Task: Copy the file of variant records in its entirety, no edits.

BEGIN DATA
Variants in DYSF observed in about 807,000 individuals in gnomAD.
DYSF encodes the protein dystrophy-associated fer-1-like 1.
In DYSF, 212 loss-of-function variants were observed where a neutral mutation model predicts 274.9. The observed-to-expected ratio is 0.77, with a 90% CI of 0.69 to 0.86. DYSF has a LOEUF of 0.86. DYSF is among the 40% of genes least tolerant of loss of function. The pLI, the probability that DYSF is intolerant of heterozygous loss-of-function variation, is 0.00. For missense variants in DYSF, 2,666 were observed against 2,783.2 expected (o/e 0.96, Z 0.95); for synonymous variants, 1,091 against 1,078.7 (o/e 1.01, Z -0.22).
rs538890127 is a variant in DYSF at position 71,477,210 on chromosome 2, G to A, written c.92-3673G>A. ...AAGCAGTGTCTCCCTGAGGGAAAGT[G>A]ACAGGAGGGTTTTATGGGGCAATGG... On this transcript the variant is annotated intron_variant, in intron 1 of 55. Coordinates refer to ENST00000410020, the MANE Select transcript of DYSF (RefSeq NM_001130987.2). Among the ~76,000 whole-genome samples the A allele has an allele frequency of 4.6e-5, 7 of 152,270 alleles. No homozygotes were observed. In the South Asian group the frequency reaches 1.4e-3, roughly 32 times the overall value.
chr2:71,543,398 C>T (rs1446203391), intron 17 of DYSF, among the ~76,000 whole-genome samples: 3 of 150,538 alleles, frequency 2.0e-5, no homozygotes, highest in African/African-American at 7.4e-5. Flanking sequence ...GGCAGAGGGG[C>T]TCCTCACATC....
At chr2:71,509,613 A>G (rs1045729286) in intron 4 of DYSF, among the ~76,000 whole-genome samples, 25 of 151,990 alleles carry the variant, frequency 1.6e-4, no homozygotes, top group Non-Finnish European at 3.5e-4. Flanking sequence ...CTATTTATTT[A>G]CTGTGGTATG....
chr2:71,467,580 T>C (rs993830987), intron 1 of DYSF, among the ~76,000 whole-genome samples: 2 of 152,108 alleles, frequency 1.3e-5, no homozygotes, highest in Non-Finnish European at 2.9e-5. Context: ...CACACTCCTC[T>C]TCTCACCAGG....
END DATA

Variants in DYSF observed in about 807,000 individuals in gnomAD.
DYSF encodes the protein dystrophy-associated fer-1-like 1.
In DYSF, 212 loss-of-function variants were observed where a neutral mutation model predicts 274.9. The observed-to-expected ratio is 0.77, with a 90% CI of 0.69 to 0.86. DYSF has a LOEUF of 0.86. DYSF is among the 40% of genes least tolerant of loss of function. The pLI, the probability that DYSF is intolerant of heterozygous loss-of-function variation, is 0.00. For missense variants in DYSF, 2,666 were observed against 2,783.2 expected (o/e 0.96, Z 0.95); for synonymous variants, 1,091 against 1,078.7 (o/e 1.01, Z -0.22).
rs538890127 is a variant in DYSF at position 71,477,210 on chromosome 2, G to A, written c.92-3673G>A. ...AAGCAGTGTCTCCCTGAGGGAAAGT[G>A]ACAGGAGGGTTTTATGGGGCAATGG... On this transcript the variant is annotated intron_variant, in intron 1 of 55. Coordinates refer to ENST00000410020, the MANE Select transcript of DYSF (RefSeq NM_001130987.2). Among the ~76,000 whole-genome samples the A allele has an allele frequency of 4.6e-5, 7 of 152,270 alleles. No homozygotes were observed. In the South Asian group the frequency reaches 1.4e-3, roughly 32 times the overall value.
chr2:71,543,398 C>T (rs1446203391), intron 17 of DYSF, among the ~76,000 whole-genome samples: 3 of 150,538 alleles, frequency 2.0e-5, no homozygotes, highest in African/African-American at 7.4e-5. Flanking sequence ...GGCAGAGGGG[C>T]TCCTCACATC....
At chr2:71,509,613 A>G (rs1045729286) in intron 4 of DYSF, among the ~76,000 whole-genome samples, 25 of 151,990 alleles carry the variant, frequency 1.6e-4, no homozygotes, top group Non-Finnish European at 3.5e-4. Flanking sequence ...CTATTTATTT[A>G]CTGTGGTATG....
chr2:71,467,580 T>C (rs993830987), intron 1 of DYSF, among the ~76,000 whole-genome samples: 2 of 152,108 alleles, frequency 1.3e-5, no homozygotes, highest in Non-Finnish European at 2.9e-5. Context: ...CACACTCCTC[T>C]TCTCACCAGG....